Sunday, January 19, 2014

Re-intellectualising Church

I was talking to someone recently about the state of Sunday School. She teaches Sunday School in a large church, where the word from the top down is "fun". She prepares questions for the children but worries that they are too hard, given the usual low standards.

Being the unreasonable, joyless man that I am, I suggested that far from making the questions a little easier, these children should be learning ancient Greek and Hebrew. An exaggeration, perhaps, but the point is that children are very eager and capable learners. In Monday-Friday School they are learning abstract mathematical concepts, foreign languages, and various forms of art. What are they learning on Sunday? Sadly, they are learning that what they learn from Monday-Friday is the stuff of real life, whereas Sunday is a bit of fun to break up the monotony. The rich tradition that is Christianity is relegated to the level of a cartoon, and not one of the goods ones, either. The tradition in which they partake is evacuated of its intellectual and artistic depths, which is why so many who grow up in church are actually shielded from all that the Church has to offer. They may even end up walking away from a faith that they never knew in the first place.

I am not a qualified educator of children. I am an idealist who thinks that every child is dying to explore that mystery within a mystery that is the trinity, and would jump at the chance to draw some Hebrew letters. That's obviously not true. But I do think that children in the church deserve better than what they get. They deserved better than what I gave them when I was a Sunday School teacher. These children come to Jesus week in week out, and we let them leave with a cup of juice and a biscuit. We do the best we can, or the best we're allowed, and in the end we probably think it doesn't matter too much.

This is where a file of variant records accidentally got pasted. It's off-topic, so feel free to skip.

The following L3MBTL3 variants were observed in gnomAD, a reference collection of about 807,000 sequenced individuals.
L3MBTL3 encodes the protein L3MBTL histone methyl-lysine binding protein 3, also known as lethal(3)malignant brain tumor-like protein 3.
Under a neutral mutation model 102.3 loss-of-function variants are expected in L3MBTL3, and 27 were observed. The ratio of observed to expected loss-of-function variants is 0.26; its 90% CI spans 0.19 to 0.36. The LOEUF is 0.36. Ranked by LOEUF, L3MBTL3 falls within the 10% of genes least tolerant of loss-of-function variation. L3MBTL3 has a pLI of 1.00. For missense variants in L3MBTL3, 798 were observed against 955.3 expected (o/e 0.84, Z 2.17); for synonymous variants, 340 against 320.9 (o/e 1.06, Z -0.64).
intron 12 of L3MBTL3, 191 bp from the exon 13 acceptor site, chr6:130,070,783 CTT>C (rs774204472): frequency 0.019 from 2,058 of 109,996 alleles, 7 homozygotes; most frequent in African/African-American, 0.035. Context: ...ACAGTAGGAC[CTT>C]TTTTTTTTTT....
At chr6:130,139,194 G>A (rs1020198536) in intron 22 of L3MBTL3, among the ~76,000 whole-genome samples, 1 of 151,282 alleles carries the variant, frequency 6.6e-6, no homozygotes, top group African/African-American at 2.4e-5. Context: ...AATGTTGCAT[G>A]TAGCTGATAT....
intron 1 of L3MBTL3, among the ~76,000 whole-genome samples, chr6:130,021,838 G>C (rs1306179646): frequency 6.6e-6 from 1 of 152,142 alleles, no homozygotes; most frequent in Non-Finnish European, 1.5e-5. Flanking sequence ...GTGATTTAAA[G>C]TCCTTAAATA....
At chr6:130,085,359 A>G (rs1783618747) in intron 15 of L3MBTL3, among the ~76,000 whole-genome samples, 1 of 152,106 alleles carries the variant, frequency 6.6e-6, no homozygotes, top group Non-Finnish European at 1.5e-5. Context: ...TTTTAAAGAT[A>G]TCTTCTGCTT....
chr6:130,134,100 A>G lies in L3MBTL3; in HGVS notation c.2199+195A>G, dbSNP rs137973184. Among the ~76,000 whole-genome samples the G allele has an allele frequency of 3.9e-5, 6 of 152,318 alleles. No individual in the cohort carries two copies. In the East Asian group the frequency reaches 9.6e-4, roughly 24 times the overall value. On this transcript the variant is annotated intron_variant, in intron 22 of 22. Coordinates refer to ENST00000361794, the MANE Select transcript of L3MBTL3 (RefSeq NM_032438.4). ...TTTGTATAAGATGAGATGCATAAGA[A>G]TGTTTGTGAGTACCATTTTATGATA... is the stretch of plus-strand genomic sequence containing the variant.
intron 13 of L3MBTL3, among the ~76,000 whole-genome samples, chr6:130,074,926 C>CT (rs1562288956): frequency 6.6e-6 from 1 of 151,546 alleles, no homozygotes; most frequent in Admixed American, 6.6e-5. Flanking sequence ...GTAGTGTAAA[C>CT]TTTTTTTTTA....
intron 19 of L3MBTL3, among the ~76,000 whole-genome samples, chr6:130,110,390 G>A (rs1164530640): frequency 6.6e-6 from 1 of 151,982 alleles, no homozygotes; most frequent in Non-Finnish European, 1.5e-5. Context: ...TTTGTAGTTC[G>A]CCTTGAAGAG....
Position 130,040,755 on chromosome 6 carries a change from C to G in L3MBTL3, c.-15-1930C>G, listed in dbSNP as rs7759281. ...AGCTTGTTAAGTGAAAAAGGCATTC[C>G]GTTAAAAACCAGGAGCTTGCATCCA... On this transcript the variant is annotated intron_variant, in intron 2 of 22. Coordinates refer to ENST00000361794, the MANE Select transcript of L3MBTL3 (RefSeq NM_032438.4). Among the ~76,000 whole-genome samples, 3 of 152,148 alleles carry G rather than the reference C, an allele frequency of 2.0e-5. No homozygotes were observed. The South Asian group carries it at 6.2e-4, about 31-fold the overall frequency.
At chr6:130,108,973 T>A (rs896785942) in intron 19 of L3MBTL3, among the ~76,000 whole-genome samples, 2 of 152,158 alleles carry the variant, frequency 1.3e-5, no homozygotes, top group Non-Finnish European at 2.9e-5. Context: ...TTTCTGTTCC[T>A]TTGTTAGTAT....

Problems in the church are usually treated as adult problems, with solutions aimed exclusively at adults by other adults. Children are, by and large, left out of the picture entirely. We'll worry about them when they grow up and become "youths" or "young adults" (age categories invented by the church?) who will either disappear despite our best intentions or who will stay around because of our cunning marketing campaigns addressed at these demographics (which only exacerbate the problems). But as The Wire so expertly showed in its fourth season, these malfunctioning adults were once children, training for the street in the environs of the school. Sunday School is the chance to offer training for a different world, to equip and enrich humans of a very particular sort. It is not a break from serious learning, but an opportunity to understand the true end of all learning. If adults are turning up to a church service without any awareness of being disciples who are eager to learn something, it is probably because they have been turning up for church like that since they were kids...and because the preaching is crap. But also the former.


  1. The best thing I ever read about our responsibility to children and young people in the church is that we must let them eavesdrop on the traditions and practices of our faith. That means that for a start we must practice them...

  2. In other words, our practice *is* our education? While that probably negates most of what I've said, it is also much more insightful than most of what I've said. Damn.

    Still, one of those "practices of or faith" is surely the practice of actively educating children. As, er, someone once said, you don't really know something until you've taught it to someone else. If we become better teachers we may also become better practitioners, as well as the other way around.